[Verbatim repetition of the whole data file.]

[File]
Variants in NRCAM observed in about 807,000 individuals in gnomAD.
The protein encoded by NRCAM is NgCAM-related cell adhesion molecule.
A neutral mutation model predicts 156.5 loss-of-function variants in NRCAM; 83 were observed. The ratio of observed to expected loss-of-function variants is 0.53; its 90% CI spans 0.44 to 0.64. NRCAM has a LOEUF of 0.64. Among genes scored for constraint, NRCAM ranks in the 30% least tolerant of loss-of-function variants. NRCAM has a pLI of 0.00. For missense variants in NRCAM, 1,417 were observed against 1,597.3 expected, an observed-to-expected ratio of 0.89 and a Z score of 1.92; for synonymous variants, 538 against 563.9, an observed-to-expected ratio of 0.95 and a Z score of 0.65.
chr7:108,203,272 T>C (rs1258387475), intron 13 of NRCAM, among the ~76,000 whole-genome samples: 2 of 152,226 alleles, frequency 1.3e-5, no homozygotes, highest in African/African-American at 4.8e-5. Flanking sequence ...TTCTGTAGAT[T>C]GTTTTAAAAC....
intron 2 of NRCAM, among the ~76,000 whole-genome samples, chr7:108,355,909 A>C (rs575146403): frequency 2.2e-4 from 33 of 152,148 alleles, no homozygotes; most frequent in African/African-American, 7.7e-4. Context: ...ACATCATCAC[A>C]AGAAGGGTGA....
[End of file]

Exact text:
Variants in NRCAM observed in about 807,000 individuals in gnomAD.
The protein encoded by NRCAM is NgCAM-related cell adhesion molecule.
A neutral mutation model predicts 156.5 loss-of-function variants in NRCAM; 83 were observed. The ratio of observed to expected loss-of-function variants is 0.53; its 90% CI spans 0.44 to 0.64. NRCAM has a LOEUF of 0.64. Among genes scored for constraint, NRCAM ranks in the 30% least tolerant of loss-of-function variants. NRCAM has a pLI of 0.00. For missense variants in NRCAM, 1,417 were observed against 1,597.3 expected, an observed-to-expected ratio of 0.89 and a Z score of 1.92; for synonymous variants, 538 against 563.9, an observed-to-expected ratio of 0.95 and a Z score of 0.65.
chr7:108,203,272 T>C (rs1258387475), intron 13 of NRCAM, among the ~76,000 whole-genome samples: 2 of 152,226 alleles, frequency 1.3e-5, no homozygotes, highest in African/African-American at 4.8e-5. Flanking sequence ...TTCTGTAGAT[T>C]GTTTTAAAAC....
intron 2 of NRCAM, among the ~76,000 whole-genome samples, chr7:108,355,909 A>C (rs575146403): frequency 2.2e-4 from 33 of 152,148 alleles, no homozygotes; most frequent in African/African-American, 7.7e-4. Context: ...ACATCATCAC[A>C]AGAAGGGTGA....